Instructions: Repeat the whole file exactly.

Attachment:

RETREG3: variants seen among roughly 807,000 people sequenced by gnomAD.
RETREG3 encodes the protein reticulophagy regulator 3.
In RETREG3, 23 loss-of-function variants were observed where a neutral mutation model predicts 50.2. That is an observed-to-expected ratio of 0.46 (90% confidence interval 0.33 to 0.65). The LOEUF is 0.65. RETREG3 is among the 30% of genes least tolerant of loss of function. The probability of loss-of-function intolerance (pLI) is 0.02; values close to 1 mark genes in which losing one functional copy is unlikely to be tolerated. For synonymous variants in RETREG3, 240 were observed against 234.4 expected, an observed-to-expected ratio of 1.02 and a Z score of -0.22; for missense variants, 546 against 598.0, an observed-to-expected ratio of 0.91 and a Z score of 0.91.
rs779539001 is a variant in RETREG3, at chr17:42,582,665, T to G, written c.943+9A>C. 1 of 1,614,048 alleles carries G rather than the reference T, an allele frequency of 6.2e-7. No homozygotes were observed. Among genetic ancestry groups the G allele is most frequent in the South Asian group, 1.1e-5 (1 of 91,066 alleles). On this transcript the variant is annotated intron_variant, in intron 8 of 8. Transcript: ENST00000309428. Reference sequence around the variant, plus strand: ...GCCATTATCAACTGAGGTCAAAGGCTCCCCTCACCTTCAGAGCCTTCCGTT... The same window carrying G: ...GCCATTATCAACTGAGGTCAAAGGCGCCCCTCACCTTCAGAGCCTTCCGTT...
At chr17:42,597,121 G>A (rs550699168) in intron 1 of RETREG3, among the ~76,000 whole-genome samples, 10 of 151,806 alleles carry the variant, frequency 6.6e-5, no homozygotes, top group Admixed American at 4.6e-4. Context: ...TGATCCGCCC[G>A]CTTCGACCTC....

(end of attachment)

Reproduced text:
RETREG3: variants seen among roughly 807,000 people sequenced by gnomAD.
RETREG3 encodes the protein reticulophagy regulator 3.
In RETREG3, 23 loss-of-function variants were observed where a neutral mutation model predicts 50.2. That is an observed-to-expected ratio of 0.46 (90% confidence interval 0.33 to 0.65). The LOEUF is 0.65. RETREG3 is among the 30% of genes least tolerant of loss of function. The probability of loss-of-function intolerance (pLI) is 0.02; values close to 1 mark genes in which losing one functional copy is unlikely to be tolerated. For synonymous variants in RETREG3, 240 were observed against 234.4 expected, an observed-to-expected ratio of 1.02 and a Z score of -0.22; for missense variants, 546 against 598.0, an observed-to-expected ratio of 0.91 and a Z score of 0.91.
rs779539001 is a variant in RETREG3, at chr17:42,582,665, T to G, written c.943+9A>C. 1 of 1,614,048 alleles carries G rather than the reference T, an allele frequency of 6.2e-7. No homozygotes were observed. Among genetic ancestry groups the G allele is most frequent in the South Asian group, 1.1e-5 (1 of 91,066 alleles). On this transcript the variant is annotated intron_variant, in intron 8 of 8. Transcript: ENST00000309428. Reference sequence around the variant, plus strand: ...GCCATTATCAACTGAGGTCAAAGGCTCCCCTCACCTTCAGAGCCTTCCGTT... The same window carrying G: ...GCCATTATCAACTGAGGTCAAAGGCGCCCCTCACCTTCAGAGCCTTCCGTT...
At chr17:42,597,121 G>A (rs550699168) in intron 1 of RETREG3, among the ~76,000 whole-genome samples, 10 of 151,806 alleles carry the variant, frequency 6.6e-5, no homozygotes, top group Admixed American at 4.6e-4. Context: ...TGATCCGCCC[G>A]CTTCGACCTC....